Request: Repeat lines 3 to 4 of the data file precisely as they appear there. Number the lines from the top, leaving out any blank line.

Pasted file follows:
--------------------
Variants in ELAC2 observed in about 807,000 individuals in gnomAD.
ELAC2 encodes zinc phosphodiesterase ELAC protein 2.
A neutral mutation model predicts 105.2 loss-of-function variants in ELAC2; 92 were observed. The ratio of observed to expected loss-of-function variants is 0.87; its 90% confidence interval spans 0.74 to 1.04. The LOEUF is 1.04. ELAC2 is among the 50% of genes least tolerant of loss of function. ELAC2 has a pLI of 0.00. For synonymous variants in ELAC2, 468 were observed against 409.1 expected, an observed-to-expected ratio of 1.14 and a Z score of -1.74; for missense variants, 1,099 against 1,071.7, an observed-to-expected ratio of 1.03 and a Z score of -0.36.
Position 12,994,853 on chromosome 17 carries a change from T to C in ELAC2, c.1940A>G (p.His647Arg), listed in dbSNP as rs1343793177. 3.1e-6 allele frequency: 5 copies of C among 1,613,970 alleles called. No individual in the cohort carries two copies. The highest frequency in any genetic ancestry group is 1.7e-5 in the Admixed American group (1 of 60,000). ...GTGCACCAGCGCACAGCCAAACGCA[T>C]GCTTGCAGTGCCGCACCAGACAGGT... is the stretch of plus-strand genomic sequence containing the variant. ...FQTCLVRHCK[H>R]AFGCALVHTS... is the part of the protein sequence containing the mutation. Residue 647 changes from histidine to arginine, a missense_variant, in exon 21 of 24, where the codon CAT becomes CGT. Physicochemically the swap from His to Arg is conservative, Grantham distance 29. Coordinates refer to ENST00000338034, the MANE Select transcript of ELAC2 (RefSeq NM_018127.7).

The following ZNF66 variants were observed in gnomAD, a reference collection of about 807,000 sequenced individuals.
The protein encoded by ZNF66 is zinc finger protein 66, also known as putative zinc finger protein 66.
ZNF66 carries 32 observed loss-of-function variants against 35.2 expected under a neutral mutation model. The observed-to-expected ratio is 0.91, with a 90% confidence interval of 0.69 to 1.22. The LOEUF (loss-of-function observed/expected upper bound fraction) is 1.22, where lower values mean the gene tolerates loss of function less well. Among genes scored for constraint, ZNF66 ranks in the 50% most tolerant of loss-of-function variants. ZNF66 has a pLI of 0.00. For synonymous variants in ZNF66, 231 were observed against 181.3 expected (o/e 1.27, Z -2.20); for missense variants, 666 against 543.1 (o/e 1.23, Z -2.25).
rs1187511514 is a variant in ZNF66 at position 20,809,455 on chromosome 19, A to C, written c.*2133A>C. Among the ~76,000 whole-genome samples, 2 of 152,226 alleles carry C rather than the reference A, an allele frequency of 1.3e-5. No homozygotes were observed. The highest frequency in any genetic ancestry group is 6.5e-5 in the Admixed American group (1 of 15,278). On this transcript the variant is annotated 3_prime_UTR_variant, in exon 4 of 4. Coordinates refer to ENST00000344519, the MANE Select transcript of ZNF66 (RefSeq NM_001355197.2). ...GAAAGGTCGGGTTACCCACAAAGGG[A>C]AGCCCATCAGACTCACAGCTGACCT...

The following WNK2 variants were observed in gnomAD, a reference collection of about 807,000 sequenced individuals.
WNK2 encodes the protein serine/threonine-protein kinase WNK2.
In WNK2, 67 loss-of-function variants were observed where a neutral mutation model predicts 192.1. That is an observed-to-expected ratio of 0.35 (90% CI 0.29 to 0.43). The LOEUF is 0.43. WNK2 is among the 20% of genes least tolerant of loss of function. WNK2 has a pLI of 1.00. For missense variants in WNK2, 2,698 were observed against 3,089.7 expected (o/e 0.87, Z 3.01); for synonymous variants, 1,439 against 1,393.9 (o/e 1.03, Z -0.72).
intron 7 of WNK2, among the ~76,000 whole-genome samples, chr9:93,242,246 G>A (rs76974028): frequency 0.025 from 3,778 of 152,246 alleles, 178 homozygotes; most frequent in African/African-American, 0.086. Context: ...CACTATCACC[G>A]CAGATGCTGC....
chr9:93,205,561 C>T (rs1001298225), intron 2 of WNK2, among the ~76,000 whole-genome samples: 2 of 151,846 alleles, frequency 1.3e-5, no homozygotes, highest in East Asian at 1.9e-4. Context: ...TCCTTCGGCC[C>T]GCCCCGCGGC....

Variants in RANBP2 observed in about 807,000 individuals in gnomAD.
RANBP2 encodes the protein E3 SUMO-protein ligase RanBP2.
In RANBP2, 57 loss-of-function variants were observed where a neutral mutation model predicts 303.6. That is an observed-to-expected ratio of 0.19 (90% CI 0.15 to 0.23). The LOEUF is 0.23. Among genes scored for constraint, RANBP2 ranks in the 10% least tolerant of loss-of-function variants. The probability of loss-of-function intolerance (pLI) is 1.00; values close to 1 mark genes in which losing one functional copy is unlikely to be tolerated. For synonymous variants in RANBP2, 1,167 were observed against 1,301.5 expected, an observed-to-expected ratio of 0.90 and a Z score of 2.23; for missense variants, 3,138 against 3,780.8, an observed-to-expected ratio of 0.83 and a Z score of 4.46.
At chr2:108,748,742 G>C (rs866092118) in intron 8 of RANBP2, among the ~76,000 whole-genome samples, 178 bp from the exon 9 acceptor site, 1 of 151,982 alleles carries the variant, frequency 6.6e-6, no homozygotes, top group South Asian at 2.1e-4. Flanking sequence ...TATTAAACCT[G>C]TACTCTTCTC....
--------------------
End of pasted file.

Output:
A neutral mutation model predicts 105.2 loss-of-function variants in ELAC2; 92 were observed. The ratio of observed to expected loss-of-function variants is 0.87; its 90% confidence interval spans 0.74 to 1.04. The LOEUF is 1.04. ELAC2 is among the 50% of genes least tolerant of loss of function. ELAC2 has a pLI of 0.00. For synonymous variants in ELAC2, 468 were observed against 409.1 expected, an observed-to-expected ratio of 1.14 and a Z score of -1.74; for missense variants, 1,099 against 1,071.7, an observed-to-expected ratio of 1.03 and a Z score of -0.36.
Position 12,994,853 on chromosome 17 carries a change from T to C in ELAC2, c.1940A>G (p.His647Arg), listed in dbSNP as rs1343793177. 3.1e-6 allele frequency: 5 copies of C among 1,613,970 alleles called. No individual in the cohort carries two copies. The highest frequency in any genetic ancestry group is 1.7e-5 in the Admixed American group (1 of 60,000). ...GTGCACCAGCGCACAGCCAAACGCA[T>C]GCTTGCAGTGCCGCACCAGACAGGT... is the stretch of plus-strand genomic sequence containing the variant. ...FQTCLVRHCK[H>R]AFGCALVHTS... is the part of the protein sequence containing the mutation. Residue 647 changes from histidine to arginine, a missense_variant, in exon 21 of 24, where the codon CAT becomes CGT. Physicochemically the swap from His to Arg is conservative, Grantham distance 29. Coordinates refer to ENST00000338034, the MANE Select transcript of ELAC2 (RefSeq NM_018127.7).